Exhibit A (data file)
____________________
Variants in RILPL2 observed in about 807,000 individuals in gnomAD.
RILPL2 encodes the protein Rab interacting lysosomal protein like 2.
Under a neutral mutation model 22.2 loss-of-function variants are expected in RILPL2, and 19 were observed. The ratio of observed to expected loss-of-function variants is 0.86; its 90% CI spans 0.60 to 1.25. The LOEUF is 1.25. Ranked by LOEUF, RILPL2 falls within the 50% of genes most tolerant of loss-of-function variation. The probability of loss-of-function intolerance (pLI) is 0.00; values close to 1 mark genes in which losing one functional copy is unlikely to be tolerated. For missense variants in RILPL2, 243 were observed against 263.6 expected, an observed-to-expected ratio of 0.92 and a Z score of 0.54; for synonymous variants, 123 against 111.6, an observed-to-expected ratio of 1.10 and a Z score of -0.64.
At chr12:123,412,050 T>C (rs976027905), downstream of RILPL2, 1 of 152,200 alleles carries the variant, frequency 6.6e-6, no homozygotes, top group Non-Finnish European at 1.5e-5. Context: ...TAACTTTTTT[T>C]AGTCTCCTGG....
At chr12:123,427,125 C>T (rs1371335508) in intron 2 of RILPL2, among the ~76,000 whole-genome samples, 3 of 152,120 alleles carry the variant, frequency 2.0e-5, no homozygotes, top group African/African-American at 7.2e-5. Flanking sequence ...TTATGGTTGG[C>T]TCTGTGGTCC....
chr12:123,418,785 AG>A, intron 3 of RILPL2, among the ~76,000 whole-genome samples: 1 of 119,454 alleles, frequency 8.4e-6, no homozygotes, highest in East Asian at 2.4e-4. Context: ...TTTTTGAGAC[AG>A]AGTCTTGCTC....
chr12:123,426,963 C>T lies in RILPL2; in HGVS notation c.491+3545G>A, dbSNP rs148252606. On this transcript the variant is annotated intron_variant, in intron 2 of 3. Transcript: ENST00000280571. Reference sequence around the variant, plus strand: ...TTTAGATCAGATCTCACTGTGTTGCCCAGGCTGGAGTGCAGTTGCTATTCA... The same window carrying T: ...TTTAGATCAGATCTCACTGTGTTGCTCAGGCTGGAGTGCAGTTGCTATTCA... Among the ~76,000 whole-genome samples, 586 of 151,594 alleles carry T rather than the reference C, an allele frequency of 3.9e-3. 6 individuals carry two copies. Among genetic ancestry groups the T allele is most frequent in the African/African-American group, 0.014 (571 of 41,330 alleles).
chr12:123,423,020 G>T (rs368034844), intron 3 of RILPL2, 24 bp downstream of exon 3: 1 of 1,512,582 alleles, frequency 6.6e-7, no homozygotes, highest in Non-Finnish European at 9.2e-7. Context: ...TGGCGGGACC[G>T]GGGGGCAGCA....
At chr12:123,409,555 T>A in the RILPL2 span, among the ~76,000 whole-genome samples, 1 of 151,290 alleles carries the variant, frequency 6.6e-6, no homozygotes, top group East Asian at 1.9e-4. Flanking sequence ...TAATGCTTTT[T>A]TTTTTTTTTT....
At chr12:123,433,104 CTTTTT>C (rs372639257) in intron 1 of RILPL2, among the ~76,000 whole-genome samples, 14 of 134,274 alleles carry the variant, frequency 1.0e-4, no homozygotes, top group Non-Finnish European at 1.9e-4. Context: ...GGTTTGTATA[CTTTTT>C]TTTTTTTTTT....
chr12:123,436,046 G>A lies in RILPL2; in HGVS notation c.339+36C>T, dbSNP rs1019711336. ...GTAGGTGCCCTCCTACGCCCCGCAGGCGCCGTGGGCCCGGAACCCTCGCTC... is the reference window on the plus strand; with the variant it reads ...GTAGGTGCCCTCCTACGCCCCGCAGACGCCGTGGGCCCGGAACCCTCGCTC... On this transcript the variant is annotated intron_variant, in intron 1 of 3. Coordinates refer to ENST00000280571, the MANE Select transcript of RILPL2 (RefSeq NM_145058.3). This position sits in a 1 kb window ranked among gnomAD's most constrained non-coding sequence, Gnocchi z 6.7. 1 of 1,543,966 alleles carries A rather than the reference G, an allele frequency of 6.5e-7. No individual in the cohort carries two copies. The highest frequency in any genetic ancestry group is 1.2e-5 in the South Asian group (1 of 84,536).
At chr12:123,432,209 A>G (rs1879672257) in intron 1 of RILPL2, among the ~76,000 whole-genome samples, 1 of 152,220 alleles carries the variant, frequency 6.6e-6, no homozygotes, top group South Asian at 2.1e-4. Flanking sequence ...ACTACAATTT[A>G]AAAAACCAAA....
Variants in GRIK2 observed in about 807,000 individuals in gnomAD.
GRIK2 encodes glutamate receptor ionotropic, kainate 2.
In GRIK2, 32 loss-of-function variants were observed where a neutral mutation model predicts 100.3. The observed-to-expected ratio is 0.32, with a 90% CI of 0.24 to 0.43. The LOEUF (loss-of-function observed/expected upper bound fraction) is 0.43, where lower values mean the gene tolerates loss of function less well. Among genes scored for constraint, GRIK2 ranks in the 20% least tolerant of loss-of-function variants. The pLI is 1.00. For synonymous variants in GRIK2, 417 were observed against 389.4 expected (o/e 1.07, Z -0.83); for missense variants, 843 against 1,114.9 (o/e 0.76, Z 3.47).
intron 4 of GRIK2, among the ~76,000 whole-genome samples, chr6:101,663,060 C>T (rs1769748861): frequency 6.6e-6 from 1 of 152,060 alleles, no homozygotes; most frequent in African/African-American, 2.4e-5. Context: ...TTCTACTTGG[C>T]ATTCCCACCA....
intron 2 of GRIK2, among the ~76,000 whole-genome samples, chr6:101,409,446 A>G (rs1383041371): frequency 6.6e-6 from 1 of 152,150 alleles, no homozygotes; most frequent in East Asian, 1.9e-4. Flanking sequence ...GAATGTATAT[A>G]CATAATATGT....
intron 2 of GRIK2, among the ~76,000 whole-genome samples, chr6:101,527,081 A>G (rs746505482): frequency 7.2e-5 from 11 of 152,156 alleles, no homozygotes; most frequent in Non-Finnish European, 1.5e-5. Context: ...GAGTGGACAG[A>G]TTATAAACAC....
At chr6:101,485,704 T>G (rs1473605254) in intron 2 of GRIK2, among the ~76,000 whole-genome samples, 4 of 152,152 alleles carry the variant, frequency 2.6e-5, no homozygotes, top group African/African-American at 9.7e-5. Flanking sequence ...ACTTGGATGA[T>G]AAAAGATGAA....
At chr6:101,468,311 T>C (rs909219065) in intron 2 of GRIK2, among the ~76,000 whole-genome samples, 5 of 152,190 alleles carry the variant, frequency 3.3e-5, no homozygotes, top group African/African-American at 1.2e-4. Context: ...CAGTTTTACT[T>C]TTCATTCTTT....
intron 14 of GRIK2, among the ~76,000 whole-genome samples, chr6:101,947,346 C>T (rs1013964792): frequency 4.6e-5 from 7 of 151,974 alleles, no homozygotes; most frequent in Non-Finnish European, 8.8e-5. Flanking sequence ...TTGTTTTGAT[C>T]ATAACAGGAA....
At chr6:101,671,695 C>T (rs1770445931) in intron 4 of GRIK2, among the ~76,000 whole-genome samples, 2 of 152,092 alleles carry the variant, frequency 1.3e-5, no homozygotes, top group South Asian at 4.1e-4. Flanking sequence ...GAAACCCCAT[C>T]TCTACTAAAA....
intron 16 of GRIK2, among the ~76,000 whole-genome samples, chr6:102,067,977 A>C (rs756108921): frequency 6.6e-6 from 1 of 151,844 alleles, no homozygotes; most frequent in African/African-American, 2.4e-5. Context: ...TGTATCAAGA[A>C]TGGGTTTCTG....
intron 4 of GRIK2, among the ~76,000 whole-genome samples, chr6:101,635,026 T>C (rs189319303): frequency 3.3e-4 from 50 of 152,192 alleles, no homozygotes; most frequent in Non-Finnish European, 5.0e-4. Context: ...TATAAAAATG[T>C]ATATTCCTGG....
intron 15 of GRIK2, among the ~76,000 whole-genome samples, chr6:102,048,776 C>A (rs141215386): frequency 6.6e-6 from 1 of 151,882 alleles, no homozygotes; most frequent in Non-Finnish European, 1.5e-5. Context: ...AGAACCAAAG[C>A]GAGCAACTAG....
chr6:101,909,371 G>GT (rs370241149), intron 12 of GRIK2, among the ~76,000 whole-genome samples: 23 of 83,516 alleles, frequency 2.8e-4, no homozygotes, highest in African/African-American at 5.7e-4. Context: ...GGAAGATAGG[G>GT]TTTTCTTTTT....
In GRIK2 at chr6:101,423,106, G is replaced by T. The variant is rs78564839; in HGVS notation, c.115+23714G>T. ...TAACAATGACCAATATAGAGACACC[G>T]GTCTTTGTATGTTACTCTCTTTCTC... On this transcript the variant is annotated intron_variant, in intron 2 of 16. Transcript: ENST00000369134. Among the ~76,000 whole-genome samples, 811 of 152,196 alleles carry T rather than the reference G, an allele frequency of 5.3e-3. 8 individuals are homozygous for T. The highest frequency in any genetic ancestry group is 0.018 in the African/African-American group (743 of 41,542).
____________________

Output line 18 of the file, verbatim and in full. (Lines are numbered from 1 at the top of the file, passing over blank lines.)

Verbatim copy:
intron 2 of GRIK2, among the ~76,000 whole-genome samples, chr6:101,527,081 A>G (rs746505482): frequency 7.2e-5 from 11 of 152,156 alleles, no homozygotes; most frequent in Non-Finnish European, 1.5e-5. Context: ...GAGTGGACAG[A>G]TTATAAACAC....